“I very clearly remember what my teacher once said: ‘Whether you want it or not but you are the elite!’ For me, being a part of elite means to be responsible for the cultivation of national dignity. Why, for example, the Poles managed to make such a rapid breakthrough? This happened due to continuous study of their own history and formation of conscious civic position. Even a little Polish child says: ja jestem Polak (I am a Pole). This defines their actions in Europe and worldwide, as well as the vector of the development of the country. It is very sad that sanitary function of journalism on TV, which is the most influential mass media, gradually vanishes. The things covered by present media, resemble chewing gum. The society that has such media space simply cannot reach a new level. It is easy to control such a society.”
Kateryna YAKOVLENKO, The Day, Donetsk, graduate of Den’s Summer School of Journalism:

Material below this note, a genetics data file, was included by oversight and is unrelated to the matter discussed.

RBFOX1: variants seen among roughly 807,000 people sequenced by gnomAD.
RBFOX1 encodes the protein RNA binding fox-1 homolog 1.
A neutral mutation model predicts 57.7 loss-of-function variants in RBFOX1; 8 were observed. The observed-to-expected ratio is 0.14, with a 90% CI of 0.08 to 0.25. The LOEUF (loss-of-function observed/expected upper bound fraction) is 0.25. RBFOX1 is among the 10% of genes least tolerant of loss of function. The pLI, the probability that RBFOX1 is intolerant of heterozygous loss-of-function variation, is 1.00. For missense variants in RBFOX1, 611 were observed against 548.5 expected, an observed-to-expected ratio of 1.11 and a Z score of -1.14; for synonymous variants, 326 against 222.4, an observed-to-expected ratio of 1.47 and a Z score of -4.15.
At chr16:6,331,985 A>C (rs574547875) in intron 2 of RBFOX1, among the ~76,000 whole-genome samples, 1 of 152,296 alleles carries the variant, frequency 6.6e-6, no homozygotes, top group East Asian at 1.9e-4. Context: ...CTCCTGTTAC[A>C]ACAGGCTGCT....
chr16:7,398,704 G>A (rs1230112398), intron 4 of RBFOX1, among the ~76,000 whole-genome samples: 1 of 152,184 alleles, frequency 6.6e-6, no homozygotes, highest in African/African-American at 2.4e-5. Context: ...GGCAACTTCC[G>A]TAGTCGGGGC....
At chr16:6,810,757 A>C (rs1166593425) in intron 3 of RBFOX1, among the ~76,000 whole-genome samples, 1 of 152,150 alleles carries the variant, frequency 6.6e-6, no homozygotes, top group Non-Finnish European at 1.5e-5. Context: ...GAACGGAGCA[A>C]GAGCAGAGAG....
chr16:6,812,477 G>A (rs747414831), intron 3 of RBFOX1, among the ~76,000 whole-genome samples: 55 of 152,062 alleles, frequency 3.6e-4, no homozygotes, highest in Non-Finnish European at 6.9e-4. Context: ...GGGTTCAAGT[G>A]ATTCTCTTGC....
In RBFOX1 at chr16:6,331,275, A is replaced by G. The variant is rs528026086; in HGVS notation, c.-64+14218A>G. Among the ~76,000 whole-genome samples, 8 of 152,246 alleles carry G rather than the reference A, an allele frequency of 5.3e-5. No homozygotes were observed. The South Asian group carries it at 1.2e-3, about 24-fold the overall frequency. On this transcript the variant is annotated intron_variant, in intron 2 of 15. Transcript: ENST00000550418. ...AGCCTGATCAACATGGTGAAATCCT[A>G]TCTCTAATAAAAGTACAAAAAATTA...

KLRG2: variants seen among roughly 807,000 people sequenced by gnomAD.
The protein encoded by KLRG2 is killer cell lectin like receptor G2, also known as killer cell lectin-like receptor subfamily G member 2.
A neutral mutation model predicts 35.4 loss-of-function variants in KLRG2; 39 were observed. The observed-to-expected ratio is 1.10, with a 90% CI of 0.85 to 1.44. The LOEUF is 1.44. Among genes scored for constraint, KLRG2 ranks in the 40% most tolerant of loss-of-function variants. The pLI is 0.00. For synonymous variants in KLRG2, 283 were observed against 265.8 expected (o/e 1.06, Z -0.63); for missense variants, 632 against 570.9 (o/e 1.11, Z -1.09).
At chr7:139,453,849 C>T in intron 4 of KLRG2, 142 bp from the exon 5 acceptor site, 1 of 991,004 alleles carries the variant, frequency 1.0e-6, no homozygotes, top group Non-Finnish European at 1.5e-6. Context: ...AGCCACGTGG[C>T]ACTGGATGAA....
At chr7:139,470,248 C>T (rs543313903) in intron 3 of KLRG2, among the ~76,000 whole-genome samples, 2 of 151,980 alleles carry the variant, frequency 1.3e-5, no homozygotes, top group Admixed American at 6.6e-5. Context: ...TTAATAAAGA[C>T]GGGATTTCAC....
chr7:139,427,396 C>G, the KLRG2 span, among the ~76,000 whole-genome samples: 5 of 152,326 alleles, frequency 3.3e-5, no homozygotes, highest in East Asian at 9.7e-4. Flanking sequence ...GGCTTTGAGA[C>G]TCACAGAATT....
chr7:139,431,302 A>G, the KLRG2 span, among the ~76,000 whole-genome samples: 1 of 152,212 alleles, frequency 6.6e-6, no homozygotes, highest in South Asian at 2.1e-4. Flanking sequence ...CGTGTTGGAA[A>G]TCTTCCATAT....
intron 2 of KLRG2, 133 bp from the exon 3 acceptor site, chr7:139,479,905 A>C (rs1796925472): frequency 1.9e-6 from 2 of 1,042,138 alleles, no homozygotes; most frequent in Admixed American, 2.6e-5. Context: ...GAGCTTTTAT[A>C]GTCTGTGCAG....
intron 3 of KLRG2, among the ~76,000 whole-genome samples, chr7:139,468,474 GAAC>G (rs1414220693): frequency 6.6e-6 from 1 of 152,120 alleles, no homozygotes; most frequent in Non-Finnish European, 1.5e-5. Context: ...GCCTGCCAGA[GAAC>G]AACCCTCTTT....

“Why The Day’s initiatives do not find much support in the regions? There are several factors for that. Firstly, it’s education. People often do not respond to your messages not because they have a stereotypical vision, but because they lack knowledge, including knowledge of historical facts. Every five years we get new history textbooks, but there are teachers and university professors who still teach this subject from old positions. Another aspect, if we talk about the reasons why some newspaper is not popular in a region, is the fact that people do not trust journalists. Who is this person that I read his articles? Why should I trust him? Is his civic position well reasoned? Unfortunately, people in regions do not know journalists from Kyiv, both good and bad ones.
“In America there are many popular talk shows. We could also have something like this. In Donetsk region a good talk radio would have its audience. Even Svoboda Radio is broadcast only on the Internet and people cannot listen to in on their phones, when they commute. However, society needs good quality journalism. A striking example of this is the situation with TVi channel, when many people came out on the streets to support the channel.”